Although we don’t have hard data (put that on our neverending to-do list we lovingly call the “firehose list”), we have seen a marked change in our relationships with anyone and everyone who comes into contact with our editorial office. From early-career researchers to seasoned professionals, from advanced-practice providers to biostatisticians, people feel like they can approach us now. We have seen a marked rise in presubmission inquiries, for instance, because people are comfortable approaching us. Our reviewer pool is way up, which has led to an increase in editorial comments and even quality frontmatter editorials and other featured content.

Reviewing last year’s articles allowed me to reflect on the published goals I stated for Chicago at that time. The first was to involve our editors in our efforts. Done. The second goal was “don’t overcommit.” MISERABLE FAILURE. If you know me, I always overcommit, and I remedy that by committing some more. This issue must and will be fixed for next year. The third goal was to do a better job of cross-promoting other AUA programming with the publications. One way we did this was to coordinate swag with our colleagues. A big hit at our meeting was our public policy and advocacy booth, where they handed out the perfect pink sunglasses, and our AUA Census booth, where they handed out urology pun-themed button “flair” to personalize the fanny pack. These connections were a super fun way to get new traffic to our booths. The final goal was to find the next fanny pack, which  was all Dr Siemens: the JU pet calendar.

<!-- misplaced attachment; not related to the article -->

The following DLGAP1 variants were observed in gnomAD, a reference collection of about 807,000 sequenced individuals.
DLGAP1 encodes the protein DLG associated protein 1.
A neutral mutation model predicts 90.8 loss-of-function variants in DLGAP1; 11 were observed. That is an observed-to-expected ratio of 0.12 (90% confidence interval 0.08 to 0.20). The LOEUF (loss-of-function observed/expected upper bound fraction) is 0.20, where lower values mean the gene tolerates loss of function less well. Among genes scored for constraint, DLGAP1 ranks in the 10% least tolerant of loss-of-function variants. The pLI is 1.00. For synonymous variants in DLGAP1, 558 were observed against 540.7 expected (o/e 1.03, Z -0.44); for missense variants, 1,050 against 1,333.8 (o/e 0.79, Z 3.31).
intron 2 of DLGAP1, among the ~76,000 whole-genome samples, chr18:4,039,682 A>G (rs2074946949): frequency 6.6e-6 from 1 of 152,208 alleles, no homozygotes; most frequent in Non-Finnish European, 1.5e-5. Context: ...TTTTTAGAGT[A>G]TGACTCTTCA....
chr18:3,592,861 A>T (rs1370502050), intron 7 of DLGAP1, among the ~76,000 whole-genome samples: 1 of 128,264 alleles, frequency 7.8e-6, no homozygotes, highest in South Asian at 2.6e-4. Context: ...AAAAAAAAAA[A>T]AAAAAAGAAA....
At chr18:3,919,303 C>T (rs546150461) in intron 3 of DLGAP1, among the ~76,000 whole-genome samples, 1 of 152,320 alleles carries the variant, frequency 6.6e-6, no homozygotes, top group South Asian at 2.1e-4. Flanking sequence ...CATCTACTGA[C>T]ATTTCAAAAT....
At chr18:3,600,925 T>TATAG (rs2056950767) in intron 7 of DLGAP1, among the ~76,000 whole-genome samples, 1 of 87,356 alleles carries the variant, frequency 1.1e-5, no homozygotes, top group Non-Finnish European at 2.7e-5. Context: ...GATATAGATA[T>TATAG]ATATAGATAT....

The trick of the fanny pack is that we do not simply leave these coveted items out on the counter for anyone to swipe. We keep them under lock and key, using word of mouth (and the power of social media) to have people seek us out to chat. And we never simply give a fanny pack away. We want to know more about each attendee. Do you publish? How do you read the journals? What do you like? What don’t you like? Do you want to take a selfie? Can we follow you on Twitter? Tell us your submission pain points? And thus a friend of the publications is made, and the fanny pack exchange is finalized. Multiply that by hundreds of interactions, and we found we created a loyal following that resulted in submissions, new reviewers, new article pitches, and loyalty we couldn’t have gotten in any other way.

I have to point out here that I am one lucky Director of Publications. I work with quality humans who understand how I think. At the AUA, we chase impact, not Journal Impact Factor. We want the work of all of our publications to touch as many readers as possible and to be foundational to future research. And we want all of our community to feel engaged with our content and the people behind it. A lot of editorial leaders and society leadership would not support these tactics, but the wholehearted, genuine acceptance of our swag shenanigans has been critical to our success.